re·​con·​dite | \ ˈre-kən-ˌdīt How to pronounce recondite (audio) , ri-ˈkän- How to pronounce recondite (audio) \

Definition of recondite

1 : difficult or impossible for one of ordinary understanding or knowledge to comprehend : deep a recondite subject
2 : of, relating to, or dealing with something little known or obscure recondite fact about the origin of the holiday— Floyd Dell
3 : hidden from sight : concealed

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Other Words from recondite

reconditely adverb
reconditeness noun

Synonyms & Antonyms for recondite



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Did You Know?

While recondite may be used to describe something difficult to understand, there is nothing recondite about the word's history. It dates to the early 1600s, when it was coined from the synonymous Latin word reconditus. Recondite is one of those underused but useful words that's always a boon to one's vocabulary, but take off the re- and you get something very obscure: condite is an obsolete verb meaning both "to pickle or preserve" and "to embalm." If we add the prefix in- to condite we get incondite, which means "badly put together," as in "incondite prose." All three words have Latin condere at their root; that verb is translated variously as "to put or bring together," "to put up, store," and "to conceal."

Examples of recondite in a Sentence

geochemistry is a recondite subject
Recent Examples on the Web Many seem like remnants from a circa-2000 vogue for recondite, inscrutable maps and diagrams, produced by artists like Matthew Ritchie, Mark Lombardi and Franz Ackermann. Jason Farago, New York Times, "Julie Mehretu’s Long Journey Home," 25 Mar. 2021 Her methods might at first glance seem forbiddingly recondite, but the effect of her music is visceral and immediate. Matthew Aucoin, The New York Review of Books, "Opera at the Edge," 7 Dec. 2019 Any program that did would be too recondite to stay on the air, the work of David Lynch being a glorious exception. Christian Lorentzen, Harper's magazine, "Like This or Die," 10 Apr. 2019 There are more recondite practices, such as classical and biblical names (Sophocles’ and Jesus’), but this set is the basics. John E. Mcintyre,, "Yes, you too can make plurals and possessives," 6 June 2018 Like other technology conceived for recondite purpose but found to have broad application, the air around the blockchain is thick with analogy and metaphor. Stephen Phillips, San Francisco Chronicle, "New tech books: ‘Conspiracy,’ ‘Broad Band,’ ‘The Truth Machine’," 1 June 2018 Dense, challenging, aphoristic and swarming with recondite allusions and puns, these novels display an authoritative grasp of a breathtaking range of subjects. New York Times, "Notes From the Book Review Archives," 13 Apr. 2018 The answer, the recondite answer, is that the best decisions are always born out of full consideration of the ghastly alternatives: only fools look solely at the most desirable ones. Anthony Mccarten,, "A daunting task: Writing the words to put in Winston Churchill's mouth," 21 Dec. 2017 Defoar is a tall, slender man of 40, with a weathered face and a taste for explaining recondite things like ruminant nutrition— John E. Mcintyre,, "In a word: recondite," 31 July 2017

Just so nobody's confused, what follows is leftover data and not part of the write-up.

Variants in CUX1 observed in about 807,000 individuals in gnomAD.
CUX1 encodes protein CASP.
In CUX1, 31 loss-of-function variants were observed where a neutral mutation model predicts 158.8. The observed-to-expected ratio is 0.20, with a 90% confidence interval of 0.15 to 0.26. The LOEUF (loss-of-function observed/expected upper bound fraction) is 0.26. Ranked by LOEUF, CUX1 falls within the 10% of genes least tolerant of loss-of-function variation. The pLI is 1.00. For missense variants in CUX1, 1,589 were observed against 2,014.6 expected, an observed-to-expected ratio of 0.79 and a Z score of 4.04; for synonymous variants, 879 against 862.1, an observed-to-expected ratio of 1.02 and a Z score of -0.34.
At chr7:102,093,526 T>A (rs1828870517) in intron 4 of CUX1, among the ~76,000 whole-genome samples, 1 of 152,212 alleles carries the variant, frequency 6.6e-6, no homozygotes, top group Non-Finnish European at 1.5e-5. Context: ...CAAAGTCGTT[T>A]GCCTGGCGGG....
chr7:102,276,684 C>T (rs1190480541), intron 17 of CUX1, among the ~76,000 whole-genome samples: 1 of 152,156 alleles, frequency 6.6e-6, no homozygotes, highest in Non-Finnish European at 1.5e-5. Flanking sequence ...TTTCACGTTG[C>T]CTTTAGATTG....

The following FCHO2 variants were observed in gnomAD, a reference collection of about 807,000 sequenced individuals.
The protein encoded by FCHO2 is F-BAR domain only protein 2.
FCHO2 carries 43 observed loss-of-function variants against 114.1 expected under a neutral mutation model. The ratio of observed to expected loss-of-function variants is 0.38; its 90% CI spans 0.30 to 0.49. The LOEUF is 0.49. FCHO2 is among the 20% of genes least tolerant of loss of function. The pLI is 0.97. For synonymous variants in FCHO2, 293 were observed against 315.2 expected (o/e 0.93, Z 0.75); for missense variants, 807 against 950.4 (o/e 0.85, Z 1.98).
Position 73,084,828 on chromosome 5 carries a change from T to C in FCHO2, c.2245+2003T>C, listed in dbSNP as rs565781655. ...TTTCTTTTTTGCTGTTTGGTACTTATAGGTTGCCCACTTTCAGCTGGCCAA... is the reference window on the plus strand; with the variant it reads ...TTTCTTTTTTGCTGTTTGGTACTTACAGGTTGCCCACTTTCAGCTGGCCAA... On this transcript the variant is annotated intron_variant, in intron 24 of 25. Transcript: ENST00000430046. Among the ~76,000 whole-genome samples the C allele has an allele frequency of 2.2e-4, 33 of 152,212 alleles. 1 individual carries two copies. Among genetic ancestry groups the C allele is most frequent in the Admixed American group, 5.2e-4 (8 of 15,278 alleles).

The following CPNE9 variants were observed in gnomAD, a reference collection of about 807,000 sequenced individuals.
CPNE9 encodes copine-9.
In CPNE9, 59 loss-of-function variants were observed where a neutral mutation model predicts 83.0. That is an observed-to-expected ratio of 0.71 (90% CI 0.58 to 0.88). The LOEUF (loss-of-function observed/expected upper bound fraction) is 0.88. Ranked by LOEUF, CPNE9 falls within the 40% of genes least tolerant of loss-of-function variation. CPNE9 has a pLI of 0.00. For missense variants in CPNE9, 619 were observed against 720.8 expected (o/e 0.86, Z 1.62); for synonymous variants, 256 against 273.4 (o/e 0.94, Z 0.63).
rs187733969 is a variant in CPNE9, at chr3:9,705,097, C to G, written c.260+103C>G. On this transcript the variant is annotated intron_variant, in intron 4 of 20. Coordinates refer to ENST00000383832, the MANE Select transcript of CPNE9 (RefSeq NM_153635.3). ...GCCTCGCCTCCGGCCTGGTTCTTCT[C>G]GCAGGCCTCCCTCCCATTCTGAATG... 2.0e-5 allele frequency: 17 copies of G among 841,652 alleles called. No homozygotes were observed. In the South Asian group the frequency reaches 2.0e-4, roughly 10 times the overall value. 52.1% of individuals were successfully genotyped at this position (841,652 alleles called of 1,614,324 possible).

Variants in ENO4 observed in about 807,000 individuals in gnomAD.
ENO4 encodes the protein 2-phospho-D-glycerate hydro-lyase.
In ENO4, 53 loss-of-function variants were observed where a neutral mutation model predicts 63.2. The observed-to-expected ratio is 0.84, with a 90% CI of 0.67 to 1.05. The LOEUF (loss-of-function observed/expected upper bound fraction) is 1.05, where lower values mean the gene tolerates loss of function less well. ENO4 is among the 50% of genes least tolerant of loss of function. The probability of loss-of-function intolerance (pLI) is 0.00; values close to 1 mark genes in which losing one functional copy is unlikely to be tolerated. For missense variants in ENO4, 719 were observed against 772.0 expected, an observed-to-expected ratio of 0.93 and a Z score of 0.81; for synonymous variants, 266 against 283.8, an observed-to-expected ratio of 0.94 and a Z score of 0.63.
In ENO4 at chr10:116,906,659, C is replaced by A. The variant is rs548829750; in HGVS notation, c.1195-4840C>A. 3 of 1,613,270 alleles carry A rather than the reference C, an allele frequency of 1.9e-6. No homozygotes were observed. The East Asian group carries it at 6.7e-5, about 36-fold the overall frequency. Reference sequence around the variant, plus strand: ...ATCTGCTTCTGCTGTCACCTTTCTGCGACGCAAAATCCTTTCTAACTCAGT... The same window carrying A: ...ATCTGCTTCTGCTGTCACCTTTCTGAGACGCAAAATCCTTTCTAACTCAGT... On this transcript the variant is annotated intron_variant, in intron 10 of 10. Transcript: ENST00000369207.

These example sentences are selected automatically from various online news sources to reflect current usage of the word 'recondite.' Views expressed in the examples do not represent the opinion of Merriam-Webster or its editors. Send us feedback.

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First Known Use of recondite

1619, in the meaning defined at sense 2

History and Etymology for recondite

Latin reconditus, past participle of recondere to conceal, from re- + condere to store up, from com- + -dere to put — more at com-, do

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Time Traveler for recondite

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The first known use of recondite was in 1619

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Last Updated

7 Apr 2021

Cite this Entry

“Recondite.” Dictionary, Merriam-Webster, Accessed 10 May. 2021.

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English Language Learners Definition of recondite

formal : not understood or known by many people

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